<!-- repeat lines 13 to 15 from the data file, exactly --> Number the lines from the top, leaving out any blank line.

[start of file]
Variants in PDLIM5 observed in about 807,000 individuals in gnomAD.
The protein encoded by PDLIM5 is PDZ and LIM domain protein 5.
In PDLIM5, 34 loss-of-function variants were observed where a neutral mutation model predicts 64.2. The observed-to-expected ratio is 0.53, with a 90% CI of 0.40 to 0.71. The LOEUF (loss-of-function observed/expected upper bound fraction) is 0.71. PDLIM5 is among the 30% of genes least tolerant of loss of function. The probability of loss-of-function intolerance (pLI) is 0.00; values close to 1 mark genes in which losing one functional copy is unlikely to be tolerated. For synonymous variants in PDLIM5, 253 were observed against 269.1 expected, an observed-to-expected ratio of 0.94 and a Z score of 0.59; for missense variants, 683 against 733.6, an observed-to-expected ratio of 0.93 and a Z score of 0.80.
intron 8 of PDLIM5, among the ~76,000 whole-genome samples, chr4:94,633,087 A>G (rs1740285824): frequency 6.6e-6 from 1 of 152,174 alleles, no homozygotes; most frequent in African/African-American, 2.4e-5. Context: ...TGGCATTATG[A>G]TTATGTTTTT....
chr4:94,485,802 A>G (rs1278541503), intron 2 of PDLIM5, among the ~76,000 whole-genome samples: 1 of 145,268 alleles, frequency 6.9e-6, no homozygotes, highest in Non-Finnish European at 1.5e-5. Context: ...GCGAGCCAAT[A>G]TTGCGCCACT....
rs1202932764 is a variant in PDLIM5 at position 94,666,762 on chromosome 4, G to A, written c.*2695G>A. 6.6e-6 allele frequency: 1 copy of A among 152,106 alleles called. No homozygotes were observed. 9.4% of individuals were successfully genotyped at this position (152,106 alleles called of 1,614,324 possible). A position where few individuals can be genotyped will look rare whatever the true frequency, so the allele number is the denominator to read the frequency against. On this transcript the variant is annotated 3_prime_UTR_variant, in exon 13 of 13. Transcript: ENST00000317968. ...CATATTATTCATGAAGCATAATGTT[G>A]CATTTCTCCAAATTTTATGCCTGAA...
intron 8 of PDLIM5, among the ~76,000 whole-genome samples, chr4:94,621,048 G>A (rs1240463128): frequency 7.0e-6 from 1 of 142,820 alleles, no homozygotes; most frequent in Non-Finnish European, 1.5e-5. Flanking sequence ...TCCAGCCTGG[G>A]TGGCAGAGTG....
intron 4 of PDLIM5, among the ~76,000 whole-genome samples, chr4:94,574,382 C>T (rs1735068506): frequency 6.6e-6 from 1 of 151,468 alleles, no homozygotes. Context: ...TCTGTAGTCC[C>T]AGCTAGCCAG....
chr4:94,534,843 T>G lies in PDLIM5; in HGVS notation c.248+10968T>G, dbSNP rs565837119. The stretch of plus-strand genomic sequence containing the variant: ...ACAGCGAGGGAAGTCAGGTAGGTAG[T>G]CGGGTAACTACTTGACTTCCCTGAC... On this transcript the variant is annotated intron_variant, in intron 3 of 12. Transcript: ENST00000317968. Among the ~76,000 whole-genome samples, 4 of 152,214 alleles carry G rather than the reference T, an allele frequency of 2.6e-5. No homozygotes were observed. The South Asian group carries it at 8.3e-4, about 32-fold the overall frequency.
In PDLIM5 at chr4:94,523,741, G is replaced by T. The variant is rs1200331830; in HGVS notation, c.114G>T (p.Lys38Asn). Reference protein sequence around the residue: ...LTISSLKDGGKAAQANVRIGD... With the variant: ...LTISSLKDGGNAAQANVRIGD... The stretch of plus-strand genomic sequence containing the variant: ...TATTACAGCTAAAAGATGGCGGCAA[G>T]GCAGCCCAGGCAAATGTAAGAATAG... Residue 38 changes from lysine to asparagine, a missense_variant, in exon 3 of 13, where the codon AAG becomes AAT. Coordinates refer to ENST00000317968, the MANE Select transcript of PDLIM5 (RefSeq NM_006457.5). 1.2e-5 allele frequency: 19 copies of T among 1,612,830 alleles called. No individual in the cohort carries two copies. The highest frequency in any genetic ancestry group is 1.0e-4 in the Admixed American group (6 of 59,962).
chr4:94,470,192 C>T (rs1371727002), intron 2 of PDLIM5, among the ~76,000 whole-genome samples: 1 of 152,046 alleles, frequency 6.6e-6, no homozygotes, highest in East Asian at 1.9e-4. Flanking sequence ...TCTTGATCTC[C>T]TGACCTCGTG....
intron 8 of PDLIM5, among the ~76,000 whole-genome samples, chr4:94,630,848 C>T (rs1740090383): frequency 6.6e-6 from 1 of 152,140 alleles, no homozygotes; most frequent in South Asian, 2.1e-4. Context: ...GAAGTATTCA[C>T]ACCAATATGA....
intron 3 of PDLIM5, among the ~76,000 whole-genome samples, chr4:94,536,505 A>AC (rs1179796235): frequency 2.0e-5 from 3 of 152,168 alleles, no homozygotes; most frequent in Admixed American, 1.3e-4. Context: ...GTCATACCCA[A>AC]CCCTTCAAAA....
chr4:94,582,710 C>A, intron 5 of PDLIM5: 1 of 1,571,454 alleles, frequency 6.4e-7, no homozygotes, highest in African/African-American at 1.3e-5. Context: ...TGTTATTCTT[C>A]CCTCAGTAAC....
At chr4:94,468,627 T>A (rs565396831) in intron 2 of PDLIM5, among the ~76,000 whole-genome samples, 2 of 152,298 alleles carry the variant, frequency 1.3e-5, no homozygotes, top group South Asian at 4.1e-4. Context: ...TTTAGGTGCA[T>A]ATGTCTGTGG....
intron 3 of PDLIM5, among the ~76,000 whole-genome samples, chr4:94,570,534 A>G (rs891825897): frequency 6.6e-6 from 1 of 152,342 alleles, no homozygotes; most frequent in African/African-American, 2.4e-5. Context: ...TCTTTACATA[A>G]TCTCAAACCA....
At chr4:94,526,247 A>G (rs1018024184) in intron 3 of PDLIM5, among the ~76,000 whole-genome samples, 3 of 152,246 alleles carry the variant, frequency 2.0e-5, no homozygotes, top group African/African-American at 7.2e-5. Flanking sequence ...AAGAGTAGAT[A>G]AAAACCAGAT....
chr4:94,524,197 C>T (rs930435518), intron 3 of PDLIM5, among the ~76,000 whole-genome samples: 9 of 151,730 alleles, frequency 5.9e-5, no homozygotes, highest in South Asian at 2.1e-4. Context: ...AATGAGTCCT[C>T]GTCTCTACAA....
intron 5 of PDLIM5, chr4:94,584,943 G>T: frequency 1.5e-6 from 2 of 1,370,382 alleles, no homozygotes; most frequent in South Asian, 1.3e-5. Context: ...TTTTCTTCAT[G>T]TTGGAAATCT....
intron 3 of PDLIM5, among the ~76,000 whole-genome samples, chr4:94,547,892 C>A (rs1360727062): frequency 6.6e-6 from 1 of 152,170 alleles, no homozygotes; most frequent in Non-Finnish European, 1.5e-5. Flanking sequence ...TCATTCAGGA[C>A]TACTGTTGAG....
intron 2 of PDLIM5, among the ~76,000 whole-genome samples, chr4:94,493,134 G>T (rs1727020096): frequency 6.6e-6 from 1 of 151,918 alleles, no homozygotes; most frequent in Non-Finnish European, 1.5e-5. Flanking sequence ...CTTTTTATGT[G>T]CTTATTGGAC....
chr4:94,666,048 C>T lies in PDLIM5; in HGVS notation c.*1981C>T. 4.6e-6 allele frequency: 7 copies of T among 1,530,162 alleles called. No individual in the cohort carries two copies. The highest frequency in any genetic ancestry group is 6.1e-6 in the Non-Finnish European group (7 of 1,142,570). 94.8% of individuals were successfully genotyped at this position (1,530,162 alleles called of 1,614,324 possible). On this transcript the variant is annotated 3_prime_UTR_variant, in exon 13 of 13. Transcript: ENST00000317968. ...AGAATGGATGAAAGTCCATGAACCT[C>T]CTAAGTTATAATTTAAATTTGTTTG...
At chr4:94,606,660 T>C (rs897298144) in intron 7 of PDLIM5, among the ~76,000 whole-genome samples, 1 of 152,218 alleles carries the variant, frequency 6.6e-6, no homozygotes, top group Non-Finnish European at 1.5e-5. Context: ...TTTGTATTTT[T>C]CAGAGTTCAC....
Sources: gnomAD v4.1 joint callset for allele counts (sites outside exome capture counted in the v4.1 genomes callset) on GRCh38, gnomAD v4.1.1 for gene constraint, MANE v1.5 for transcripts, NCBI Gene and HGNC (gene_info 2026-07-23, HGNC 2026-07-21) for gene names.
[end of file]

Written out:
intron 3 of PDLIM5, among the ~76,000 whole-genome samples, chr4:94,536,505 A>AC (rs1179796235): frequency 2.0e-5 from 3 of 152,168 alleles, no homozygotes; most frequent in Admixed American, 1.3e-4. Context: ...GTCATACCCA[A>AC]CCCTTCAAAA....
chr4:94,582,710 C>A, intron 5 of PDLIM5: 1 of 1,571,454 alleles, frequency 6.4e-7, no homozygotes, highest in African/African-American at 1.3e-5. Context: ...TGTTATTCTT[C>A]CCTCAGTAAC....
At chr4:94,468,627 T>A (rs565396831) in intron 2 of PDLIM5, among the ~76,000 whole-genome samples, 2 of 152,298 alleles carry the variant, frequency 1.3e-5, no homozygotes, top group South Asian at 4.1e-4. Context: ...TTTAGGTGCA[T>A]ATGTCTGTGG....